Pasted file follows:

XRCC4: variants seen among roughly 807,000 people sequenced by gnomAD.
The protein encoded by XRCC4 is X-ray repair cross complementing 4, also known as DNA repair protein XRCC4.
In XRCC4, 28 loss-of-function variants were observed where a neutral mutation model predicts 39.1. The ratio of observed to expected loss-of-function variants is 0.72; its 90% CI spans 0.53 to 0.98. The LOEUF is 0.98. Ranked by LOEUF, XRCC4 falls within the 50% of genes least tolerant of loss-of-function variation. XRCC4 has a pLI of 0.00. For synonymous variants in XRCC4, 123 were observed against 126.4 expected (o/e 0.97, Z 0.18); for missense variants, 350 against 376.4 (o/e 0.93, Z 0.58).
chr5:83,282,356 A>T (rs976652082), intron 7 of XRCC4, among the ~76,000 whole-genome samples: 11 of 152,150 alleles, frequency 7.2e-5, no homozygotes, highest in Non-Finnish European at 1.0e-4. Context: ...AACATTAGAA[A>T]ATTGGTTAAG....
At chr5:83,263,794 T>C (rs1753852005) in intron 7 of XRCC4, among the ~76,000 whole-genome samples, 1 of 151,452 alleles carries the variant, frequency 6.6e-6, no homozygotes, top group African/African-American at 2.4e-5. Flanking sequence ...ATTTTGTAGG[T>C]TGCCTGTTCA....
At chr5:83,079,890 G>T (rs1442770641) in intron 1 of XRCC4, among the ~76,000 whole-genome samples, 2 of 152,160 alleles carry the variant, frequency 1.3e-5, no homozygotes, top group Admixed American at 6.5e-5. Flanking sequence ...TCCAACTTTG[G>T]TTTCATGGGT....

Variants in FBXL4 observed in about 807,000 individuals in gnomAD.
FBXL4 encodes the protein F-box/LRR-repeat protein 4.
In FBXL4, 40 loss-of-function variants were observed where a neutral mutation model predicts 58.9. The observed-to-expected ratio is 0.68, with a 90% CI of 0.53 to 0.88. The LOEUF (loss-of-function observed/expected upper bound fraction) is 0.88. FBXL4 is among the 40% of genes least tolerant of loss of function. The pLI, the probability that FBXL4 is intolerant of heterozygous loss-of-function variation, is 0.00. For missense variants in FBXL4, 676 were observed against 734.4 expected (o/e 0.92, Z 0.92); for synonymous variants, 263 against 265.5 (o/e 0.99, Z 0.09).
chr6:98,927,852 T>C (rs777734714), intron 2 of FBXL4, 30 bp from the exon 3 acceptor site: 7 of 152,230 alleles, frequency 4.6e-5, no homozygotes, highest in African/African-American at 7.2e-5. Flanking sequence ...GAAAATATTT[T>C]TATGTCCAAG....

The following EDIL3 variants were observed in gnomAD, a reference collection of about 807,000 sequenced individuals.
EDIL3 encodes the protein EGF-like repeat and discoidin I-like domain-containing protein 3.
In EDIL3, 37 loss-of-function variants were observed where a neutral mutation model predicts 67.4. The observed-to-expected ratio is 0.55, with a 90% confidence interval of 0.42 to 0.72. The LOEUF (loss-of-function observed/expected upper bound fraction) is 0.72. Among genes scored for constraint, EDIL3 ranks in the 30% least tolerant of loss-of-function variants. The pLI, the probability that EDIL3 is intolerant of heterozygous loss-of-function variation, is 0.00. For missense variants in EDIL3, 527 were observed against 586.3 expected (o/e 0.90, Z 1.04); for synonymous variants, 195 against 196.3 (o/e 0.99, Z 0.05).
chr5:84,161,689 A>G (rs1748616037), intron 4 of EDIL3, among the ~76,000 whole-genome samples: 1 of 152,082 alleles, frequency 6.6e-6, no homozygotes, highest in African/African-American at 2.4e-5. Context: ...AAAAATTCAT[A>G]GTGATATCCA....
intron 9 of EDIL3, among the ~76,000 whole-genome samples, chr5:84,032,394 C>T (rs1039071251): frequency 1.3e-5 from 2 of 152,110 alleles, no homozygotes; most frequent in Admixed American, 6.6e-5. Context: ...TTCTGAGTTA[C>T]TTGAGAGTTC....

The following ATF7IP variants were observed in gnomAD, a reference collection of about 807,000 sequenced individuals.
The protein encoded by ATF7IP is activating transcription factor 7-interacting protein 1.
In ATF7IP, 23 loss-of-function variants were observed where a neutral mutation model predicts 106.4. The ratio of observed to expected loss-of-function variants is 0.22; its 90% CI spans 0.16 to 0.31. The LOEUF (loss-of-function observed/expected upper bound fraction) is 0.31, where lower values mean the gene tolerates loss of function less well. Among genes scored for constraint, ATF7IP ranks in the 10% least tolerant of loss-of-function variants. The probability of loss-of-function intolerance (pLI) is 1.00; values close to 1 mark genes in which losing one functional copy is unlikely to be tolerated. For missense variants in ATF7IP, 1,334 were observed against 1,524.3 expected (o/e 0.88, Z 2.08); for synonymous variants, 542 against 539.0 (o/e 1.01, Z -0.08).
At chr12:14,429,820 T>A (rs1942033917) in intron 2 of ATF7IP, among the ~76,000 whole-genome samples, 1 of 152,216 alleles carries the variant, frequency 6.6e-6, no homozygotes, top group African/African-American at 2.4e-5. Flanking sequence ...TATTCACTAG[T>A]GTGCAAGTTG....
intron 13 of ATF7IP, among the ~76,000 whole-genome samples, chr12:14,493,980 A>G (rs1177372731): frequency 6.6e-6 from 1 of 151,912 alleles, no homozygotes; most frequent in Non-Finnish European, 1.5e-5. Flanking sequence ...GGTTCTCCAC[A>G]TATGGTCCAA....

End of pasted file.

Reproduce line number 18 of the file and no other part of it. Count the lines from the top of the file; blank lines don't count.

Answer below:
In ATF7IP, 23 loss-of-function variants were observed where a neutral mutation model predicts 106.4. The ratio of observed to expected loss-of-function variants is 0.22; its 90% CI spans 0.16 to 0.31. The LOEUF (loss-of-function observed/expected upper bound fraction) is 0.31, where lower values mean the gene tolerates loss of function less well. Among genes scored for constraint, ATF7IP ranks in the 10% least tolerant of loss-of-function variants. The probability of loss-of-function intolerance (pLI) is 1.00; values close to 1 mark genes in which losing one functional copy is unlikely to be tolerated. For missense variants in ATF7IP, 1,334 were observed against 1,524.3 expected (o/e 0.88, Z 2.08); for synonymous variants, 542 against 539.0 (o/e 1.01, Z -0.08).